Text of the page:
By Steve Kaufman
I’m going to a medical specialist for my chronic aches and shooting jolts of pain. Will I get relief? Might you get relief, as well?
I wake up every morning in pain.
Whether it’s the familiar dull throb of my lower back, muscle pains in my calves and thighs, some sharp pain in my hands or something new – my foot, my wrist, an elbow – something is always clouding my first-thing-in-the-morning brain.
Some of that goes away gradually. Some of it benefits from a brisk, pre-dawn walk around my neighborhood. Some responds to a hot bath.
And some of it never does go away, not the rest of the day, not for several days. It’s just always there. Always ready to remind me with a sharp zing when I suddenly reach for something on my desk or quickly twist past an open drawer. When I raise my arm to run a comb through my hair or just take a wrong step.
Do I know what it’s from? I guess. Some is clearly arthritis in my joints. Some is the inflammation and irritation of what I’ve self-diagnosed as bursitis in my elbows and knees. Some is degeneration in my back. Some is just age.
I don’t always know.
What I do always know is that pain is a constant companion, distracting, disabling, slowing me down and keeping me from my creative best when I need that the most.
Like a lot of people, I live with it. I always chuckle when doctors’ offices ask me to rate my pain on a scale of 1 to 10. People like me have long ago lost the perspective to rate our pain.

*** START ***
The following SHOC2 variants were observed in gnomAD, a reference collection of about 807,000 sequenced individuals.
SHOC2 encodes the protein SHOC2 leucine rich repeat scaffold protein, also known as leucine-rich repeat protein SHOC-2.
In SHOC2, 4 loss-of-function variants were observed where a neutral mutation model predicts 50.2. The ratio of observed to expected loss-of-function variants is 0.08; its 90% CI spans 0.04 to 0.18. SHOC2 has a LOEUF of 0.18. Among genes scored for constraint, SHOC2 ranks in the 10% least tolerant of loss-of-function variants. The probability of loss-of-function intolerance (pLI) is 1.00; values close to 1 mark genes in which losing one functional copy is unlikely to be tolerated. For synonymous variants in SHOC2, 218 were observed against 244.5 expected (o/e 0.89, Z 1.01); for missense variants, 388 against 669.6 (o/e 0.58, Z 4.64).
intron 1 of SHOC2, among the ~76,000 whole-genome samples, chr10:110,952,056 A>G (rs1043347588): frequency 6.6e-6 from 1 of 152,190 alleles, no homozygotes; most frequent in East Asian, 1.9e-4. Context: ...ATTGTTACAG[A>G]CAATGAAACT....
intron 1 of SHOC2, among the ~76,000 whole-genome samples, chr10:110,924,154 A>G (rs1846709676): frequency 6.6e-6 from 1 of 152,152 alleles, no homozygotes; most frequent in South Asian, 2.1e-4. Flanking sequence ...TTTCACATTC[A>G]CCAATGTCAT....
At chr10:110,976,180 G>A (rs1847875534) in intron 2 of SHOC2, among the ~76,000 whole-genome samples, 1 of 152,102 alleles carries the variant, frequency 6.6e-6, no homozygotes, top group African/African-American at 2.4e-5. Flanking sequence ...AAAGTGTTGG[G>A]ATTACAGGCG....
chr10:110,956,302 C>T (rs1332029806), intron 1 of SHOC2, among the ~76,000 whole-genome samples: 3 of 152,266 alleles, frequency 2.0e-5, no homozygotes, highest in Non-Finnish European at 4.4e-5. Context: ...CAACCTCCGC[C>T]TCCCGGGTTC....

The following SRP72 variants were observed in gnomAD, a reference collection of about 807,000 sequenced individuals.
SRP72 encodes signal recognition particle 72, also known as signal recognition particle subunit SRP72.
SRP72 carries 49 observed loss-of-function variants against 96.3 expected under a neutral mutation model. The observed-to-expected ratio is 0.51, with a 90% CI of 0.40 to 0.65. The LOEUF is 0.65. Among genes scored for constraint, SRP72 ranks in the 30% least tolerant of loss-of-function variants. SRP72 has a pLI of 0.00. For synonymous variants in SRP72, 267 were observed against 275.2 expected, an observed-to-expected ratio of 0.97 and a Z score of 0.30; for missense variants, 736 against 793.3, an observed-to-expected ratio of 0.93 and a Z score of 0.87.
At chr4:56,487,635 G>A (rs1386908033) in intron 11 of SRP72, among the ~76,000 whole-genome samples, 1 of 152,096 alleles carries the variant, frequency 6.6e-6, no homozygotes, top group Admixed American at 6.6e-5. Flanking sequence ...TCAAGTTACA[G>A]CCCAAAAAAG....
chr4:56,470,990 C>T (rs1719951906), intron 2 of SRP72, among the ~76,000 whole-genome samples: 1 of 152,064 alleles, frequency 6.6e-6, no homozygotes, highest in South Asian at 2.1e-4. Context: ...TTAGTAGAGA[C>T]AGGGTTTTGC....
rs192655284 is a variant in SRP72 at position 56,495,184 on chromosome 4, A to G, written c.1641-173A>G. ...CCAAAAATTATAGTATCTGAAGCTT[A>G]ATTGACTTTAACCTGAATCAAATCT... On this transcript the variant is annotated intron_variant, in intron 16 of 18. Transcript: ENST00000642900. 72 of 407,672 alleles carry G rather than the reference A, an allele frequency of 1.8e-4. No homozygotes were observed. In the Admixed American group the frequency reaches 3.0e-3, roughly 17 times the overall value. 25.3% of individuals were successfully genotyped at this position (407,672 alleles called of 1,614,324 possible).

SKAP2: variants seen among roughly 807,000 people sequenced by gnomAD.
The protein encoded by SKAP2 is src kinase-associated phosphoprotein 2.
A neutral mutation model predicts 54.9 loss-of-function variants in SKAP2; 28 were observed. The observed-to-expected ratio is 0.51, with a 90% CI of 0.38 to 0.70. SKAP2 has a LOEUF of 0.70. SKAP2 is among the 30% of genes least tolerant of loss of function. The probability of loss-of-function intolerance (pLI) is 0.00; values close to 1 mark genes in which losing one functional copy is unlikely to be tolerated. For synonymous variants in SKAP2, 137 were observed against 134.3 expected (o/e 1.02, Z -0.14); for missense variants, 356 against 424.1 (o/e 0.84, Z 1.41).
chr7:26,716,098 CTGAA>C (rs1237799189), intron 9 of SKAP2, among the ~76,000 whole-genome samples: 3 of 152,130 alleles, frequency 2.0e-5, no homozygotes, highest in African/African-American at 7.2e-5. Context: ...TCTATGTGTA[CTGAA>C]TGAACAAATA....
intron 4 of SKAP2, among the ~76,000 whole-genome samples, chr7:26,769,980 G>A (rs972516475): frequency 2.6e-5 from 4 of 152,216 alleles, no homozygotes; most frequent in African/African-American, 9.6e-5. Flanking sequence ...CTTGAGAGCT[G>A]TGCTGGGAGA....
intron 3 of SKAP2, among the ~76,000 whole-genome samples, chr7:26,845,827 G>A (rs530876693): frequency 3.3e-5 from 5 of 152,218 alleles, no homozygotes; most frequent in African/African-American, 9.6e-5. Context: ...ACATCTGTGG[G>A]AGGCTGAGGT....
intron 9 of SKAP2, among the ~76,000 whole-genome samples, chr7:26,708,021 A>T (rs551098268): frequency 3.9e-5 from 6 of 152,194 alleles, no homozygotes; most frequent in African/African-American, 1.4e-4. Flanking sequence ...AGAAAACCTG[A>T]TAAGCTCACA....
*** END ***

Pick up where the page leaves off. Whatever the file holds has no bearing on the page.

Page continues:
I always felt that the stabbing everyday pain, the kind that I maybe rate a 4 or 5 on the scale, would have drawn a 9 or 10 from my ex-wife. We’re all calibrated to tolerate pain differently. And much of it comes from living with, accommodating and adjusting to it.
Doctors’ offices. They used to help. Today, not so much. They’re afraid to prescribe almost anything for patients’ pain-relief. And I realize that even bringing that subject up probably makes someone out there nod and say, “Addict!”
Opioid addiction is clearly one of the elephants in the room. But you know what else is? The true addict is going to somehow score his Oxycontin or Percoset somewhere on the street. The poor, pain-addled person like me, just seeking some relief so I can function more or less normally, has to hope his doctor is willing to write a prescription for even a low-grade analgesic like Tramadol.
I know. It’s not an easy conversation to have. Of course, if you don’t raise the conversation with your doc, the conversation goes away. But the pain doesn’t. And really, do we chronic pain sufferers have to live our lives with the constant, throbbing, familiar pain? And, more importantly, should we?
I’ve been aware for some time that there are a number of what are called “pain-management centers.” What do they do? Are they physical therapy facilities? Hypnosis? Chiropractic? Acupuncture? Some other mystical art? Or are they a legitimate branch of medical science?
I recently decided to find out for myself. Maybe I could realize some genuine relief. Or maybe it would result in just a good magazine story.
This summer, I contacted pain-relief specialist Dr. Michael Cassaro of Painless Living in Jeffersonville. In fact, I’d seen an ad for his practice in this very publication and thought maybe this was someone who could help me, provide some relief or just offer some understanding in how I should cope with the pain I feel.
I’ve been seeing Mike Cassaro since September. I’m really quite confident that I’m going to feel better. And I plan, in this space, to share my experience with you in subsequent issues of Extol.
Maybe you, too, will have your curiosity sated. Or maybe you’ll discover that perhaps you don’t really have to live with pain after all. Stay tuned. I know I am.